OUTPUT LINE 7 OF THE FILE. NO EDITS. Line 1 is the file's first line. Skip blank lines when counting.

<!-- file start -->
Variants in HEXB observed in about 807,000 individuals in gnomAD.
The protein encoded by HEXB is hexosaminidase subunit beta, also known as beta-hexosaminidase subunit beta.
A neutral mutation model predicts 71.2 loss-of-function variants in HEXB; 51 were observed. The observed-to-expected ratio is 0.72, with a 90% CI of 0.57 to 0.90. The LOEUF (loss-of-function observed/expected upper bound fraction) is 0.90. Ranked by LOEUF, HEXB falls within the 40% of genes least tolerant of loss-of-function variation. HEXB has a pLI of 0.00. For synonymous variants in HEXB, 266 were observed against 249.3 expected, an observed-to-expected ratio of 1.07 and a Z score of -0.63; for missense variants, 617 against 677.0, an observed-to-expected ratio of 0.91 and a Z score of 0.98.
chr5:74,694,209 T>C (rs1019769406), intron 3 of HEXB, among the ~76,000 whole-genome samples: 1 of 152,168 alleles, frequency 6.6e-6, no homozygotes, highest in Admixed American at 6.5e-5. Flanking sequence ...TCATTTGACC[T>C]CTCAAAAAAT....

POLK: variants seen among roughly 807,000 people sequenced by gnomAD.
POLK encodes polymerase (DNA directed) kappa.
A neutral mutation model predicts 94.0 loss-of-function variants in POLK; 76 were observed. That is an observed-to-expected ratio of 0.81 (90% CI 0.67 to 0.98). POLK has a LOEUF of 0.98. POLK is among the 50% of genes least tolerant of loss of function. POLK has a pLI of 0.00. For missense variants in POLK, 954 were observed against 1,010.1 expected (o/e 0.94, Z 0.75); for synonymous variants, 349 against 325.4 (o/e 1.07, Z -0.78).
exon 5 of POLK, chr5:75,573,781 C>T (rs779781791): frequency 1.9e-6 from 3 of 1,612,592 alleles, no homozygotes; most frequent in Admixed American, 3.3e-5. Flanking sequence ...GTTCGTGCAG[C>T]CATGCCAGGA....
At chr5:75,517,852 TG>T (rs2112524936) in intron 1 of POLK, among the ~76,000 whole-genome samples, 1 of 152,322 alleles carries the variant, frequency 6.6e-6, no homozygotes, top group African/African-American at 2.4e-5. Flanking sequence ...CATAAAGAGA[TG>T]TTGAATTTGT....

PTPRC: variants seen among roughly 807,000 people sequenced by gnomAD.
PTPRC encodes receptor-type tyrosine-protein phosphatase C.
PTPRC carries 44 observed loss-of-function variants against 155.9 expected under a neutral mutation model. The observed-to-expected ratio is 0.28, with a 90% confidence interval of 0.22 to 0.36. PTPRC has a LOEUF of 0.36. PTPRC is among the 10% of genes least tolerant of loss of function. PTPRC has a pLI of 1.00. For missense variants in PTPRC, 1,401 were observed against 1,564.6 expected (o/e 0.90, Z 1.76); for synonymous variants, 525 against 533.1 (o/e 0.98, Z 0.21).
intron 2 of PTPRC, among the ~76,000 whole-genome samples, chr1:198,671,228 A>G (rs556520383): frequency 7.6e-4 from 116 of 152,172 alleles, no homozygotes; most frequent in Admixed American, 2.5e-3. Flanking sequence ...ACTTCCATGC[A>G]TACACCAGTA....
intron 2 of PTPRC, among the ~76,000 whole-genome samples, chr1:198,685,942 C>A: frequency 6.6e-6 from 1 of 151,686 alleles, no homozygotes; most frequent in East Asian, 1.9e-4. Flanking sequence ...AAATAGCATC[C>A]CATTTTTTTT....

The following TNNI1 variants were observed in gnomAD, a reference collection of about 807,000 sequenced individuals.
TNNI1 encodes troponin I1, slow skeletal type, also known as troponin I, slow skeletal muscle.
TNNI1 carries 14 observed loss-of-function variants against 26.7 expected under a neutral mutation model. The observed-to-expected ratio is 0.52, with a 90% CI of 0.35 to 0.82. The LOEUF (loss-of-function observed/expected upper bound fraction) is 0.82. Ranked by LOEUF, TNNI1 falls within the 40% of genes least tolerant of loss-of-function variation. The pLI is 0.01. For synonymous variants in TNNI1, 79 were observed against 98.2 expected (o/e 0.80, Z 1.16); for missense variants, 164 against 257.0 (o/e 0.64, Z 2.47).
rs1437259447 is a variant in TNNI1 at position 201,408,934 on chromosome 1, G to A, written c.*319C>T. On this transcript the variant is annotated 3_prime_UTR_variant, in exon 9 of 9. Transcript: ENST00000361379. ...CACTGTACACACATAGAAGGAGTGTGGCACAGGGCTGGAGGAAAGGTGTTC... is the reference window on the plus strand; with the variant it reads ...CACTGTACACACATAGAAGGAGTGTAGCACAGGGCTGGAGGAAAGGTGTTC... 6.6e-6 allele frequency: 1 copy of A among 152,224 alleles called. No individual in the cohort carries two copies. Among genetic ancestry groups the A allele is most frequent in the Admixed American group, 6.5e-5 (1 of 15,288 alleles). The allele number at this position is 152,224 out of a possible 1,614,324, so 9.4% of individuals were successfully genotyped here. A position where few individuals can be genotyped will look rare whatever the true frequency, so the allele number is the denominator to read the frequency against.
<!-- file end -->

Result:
A neutral mutation model predicts 94.0 loss-of-function variants in POLK; 76 were observed. That is an observed-to-expected ratio of 0.81 (90% CI 0.67 to 0.98). POLK has a LOEUF of 0.98. POLK is among the 50% of genes least tolerant of loss of function. POLK has a pLI of 0.00. For missense variants in POLK, 954 were observed against 1,010.1 expected (o/e 0.94, Z 0.75); for synonymous variants, 349 against 325.4 (o/e 1.07, Z -0.78).